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Unconscionability and Funky Mortgages

posted by Nathalie Martin

People have posted some comments to the funky mortgage story and I wondered if anyone had any experience using the doctrine of unconscionability to help ward off foreclosure and keep people in their homes.  As a contracts teacher, I know the doctrine is old and tired and disparaged, but it is still out there and was used with a least some success in the days of the phony home repairs/unfavorable mortgage refinancing schemes popular in the late 90's. See, e.g., Matthews v. New Century Mortgage Corp., 185 F. Supp. 2d 874 (S.D. Ohio 2002). The Restatement of Contracts includes one unconscionability factor that seems right on in these situations, namely that the stronger party had no reasonable believe that the weaker party would be able to receive substantial benefits under the contract, which I read to include situations where the weaker party has no chance of actually performing the contract. There also is language in the Restatement about how the weaker party is unable to reasonably protect his interests by reason of . . . ignorance, illiteracy, or inability to understand the language of the agreement.   Various state consumer protection statutes invite courts to weigh similar factors. Does any of this get us anywhere, or is this just wishful thinking?  Or, is this another one of those times where securitization will eliminate the defense because unconcionabilty cannot be asserted against a successor in interest? Do tell....

Comments

Hello, I'm Jo Carrillo from UC Hastings. I've been reading the blog. Thanks in advance for letting me respond to a few recent points.

On the question of unconscionability: unconscionability is the theoretical basis for specific legislation in California (Cal Civ. Code 1632) that covers the question of language proficiency and credit disclosures. This legislation requires summary translation of documents into one of 5 languages widely spoken in California -- Spanish, Chinese, Korean, Vietnamese and Tagalog. The legislation does not yet apply across the board to all mortgage loans, but it does cover mortgage loans originated by brokers. Amendments to CCC 1632 have been passed that would allow it to apply to all mortgages, but those amendments (A.B. 512) have not yet been signed into law. Cases are being filed in the 9th Circuit that invoke CCC 1632's protections. There are technical issues with the legislation that may get settled, and at least will be addressed if Assembly Bill 512-- the proposed amendments to CCC 1632 -- gets signed into law.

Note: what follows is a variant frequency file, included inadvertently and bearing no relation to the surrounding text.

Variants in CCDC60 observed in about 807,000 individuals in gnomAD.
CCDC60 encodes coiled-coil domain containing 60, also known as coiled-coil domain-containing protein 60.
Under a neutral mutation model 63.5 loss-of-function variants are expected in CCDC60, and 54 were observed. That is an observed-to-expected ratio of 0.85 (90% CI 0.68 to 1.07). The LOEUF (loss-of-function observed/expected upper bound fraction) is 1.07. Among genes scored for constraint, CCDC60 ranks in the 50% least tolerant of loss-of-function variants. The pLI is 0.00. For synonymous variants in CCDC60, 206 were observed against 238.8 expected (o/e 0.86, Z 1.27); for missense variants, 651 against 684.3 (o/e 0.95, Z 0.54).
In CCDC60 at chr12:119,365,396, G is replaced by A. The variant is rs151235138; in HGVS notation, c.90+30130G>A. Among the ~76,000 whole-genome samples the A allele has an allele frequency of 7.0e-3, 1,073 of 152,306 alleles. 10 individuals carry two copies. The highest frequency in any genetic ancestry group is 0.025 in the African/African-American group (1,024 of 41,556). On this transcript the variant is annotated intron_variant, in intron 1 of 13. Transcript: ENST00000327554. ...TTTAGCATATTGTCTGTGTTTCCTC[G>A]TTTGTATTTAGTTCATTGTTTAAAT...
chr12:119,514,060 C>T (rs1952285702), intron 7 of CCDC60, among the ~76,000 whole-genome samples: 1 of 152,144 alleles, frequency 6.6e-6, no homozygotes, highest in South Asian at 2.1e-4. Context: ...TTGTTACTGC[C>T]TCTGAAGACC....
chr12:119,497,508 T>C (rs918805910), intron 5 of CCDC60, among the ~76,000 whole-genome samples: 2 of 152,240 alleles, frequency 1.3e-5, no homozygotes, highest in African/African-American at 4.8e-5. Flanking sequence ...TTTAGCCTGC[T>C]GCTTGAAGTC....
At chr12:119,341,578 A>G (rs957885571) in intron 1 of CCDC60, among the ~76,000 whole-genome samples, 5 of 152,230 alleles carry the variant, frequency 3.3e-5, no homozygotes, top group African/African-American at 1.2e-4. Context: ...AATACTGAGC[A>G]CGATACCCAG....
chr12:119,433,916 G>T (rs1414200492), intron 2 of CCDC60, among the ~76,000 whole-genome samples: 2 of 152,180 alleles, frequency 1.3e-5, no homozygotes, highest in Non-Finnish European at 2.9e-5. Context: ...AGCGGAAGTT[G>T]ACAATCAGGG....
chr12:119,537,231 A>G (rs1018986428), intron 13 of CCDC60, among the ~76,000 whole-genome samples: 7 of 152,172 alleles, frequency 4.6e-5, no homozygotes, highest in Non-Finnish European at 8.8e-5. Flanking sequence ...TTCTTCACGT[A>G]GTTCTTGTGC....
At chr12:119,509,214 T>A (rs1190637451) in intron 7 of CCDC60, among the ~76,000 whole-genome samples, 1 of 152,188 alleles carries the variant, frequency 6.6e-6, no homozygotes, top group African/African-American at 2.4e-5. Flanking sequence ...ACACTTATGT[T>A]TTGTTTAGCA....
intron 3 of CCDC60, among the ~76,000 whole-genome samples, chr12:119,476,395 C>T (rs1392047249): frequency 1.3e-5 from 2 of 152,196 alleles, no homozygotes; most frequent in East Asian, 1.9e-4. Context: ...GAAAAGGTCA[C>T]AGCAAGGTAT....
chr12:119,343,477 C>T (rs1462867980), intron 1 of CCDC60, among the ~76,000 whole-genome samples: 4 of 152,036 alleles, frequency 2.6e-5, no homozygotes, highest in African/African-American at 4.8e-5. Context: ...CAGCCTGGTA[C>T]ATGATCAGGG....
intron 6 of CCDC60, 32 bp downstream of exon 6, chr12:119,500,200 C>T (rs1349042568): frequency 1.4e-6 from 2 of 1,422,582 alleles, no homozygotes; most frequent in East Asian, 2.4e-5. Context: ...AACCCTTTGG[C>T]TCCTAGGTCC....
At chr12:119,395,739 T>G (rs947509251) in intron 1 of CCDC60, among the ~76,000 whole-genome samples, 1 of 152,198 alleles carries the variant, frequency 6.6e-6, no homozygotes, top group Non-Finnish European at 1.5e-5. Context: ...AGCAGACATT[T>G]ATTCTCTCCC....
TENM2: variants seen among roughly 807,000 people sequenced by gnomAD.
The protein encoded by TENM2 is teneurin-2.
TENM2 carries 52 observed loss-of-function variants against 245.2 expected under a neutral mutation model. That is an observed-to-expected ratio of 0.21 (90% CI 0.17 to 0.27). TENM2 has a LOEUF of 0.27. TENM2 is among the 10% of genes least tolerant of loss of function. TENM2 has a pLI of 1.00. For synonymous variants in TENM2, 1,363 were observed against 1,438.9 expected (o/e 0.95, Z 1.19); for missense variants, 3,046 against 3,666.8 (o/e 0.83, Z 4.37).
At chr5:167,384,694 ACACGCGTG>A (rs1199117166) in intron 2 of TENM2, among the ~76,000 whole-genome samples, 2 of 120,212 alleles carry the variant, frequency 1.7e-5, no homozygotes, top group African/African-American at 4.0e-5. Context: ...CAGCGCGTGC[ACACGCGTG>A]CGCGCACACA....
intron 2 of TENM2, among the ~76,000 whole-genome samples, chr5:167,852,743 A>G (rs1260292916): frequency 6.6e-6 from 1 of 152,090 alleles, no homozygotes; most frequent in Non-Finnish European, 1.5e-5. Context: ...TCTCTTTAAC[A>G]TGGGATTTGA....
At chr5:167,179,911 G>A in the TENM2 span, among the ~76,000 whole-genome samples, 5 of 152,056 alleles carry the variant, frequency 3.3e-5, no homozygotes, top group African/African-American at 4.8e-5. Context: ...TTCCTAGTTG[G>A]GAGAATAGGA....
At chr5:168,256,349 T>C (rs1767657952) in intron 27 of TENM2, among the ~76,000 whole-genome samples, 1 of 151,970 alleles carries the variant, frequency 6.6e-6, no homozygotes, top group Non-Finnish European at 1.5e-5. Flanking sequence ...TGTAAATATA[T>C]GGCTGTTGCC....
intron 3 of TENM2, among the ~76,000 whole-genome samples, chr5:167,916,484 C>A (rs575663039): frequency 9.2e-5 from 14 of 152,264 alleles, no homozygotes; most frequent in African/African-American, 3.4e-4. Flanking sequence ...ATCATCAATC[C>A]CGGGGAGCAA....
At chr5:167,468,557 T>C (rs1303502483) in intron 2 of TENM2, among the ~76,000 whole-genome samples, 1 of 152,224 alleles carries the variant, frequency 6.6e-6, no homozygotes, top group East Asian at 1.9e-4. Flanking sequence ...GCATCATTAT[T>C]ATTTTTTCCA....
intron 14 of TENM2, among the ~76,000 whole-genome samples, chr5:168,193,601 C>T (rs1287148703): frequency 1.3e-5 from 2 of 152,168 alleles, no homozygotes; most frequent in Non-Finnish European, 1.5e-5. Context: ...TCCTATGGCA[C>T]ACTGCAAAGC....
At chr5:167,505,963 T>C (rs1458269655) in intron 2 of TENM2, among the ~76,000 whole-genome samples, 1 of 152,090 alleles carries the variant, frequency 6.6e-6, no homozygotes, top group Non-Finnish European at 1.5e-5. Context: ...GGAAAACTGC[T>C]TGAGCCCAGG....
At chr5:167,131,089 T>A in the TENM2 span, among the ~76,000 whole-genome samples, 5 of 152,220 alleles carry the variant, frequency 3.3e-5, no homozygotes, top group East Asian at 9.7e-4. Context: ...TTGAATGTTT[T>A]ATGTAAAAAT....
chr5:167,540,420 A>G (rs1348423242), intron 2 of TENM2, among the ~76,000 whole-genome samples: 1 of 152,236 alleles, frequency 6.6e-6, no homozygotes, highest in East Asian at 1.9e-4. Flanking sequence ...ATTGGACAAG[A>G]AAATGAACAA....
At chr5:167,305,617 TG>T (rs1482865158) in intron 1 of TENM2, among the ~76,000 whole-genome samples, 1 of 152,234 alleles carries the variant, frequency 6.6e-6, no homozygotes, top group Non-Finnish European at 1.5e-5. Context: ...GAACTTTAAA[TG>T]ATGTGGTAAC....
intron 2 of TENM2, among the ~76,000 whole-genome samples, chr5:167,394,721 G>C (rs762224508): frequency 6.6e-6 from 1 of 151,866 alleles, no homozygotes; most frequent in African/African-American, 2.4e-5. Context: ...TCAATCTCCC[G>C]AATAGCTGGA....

Whether CCC 1632 applies to mortgages is an ongoing question.

But I send this comment because it's my view that legislation like Cal. Civ. Code 1632 should be taught in Contracts classes. It's relevant nationally. And it goes to issues of contract theory, like some of those mentioned in this blog.

I've written about this in a recent paper. In Translation for the Latino Market Today: Acknowledging the Rights of Consumers in a Multilingual Housing Market, 11 Harvard Latino Law Review 1 (2008). It's not out in paper yet, but it's available online at SSRN author = 30289. I've also addressed consumer class action cases for rescission in a recent paper: Dangerous Loans: Consumer Responses to Adjustable Rate Mortgages 1 (2008), 5 Berkeley Business Law Journal 1 (2008). (Also, not yet out in paper, but available at SSRN author = 30289.)

Unconscionability is a doctrine that is getting a lot of attention by the California courts of appeal. There have been a number of recent published opinion on the subject. Most of the cases address arbitration clauses in consumer contracts. The courts look for a one-sided provision such as barring class actions on contracts that involve small fees. In that case the court held that because the small amount of each claim (less than $50) the class action was the only way to get redress. Another case threw out a clause that required arbitration in a distant forum. I have a case on appeal now in which I am seeking to extend the doctrine to construction contracts that give general contractors tremendous advantages over subcontractors in resolving claims. I believe the doctrine has legs. I think success hinges on showing a huge imbalance of claims rights. You might want to tie unconscionability with the doctrine of good faith and fair dealing if the mortgage has provisions that really prevent the borrowers from fulfilling their obliegations and drives them into default.

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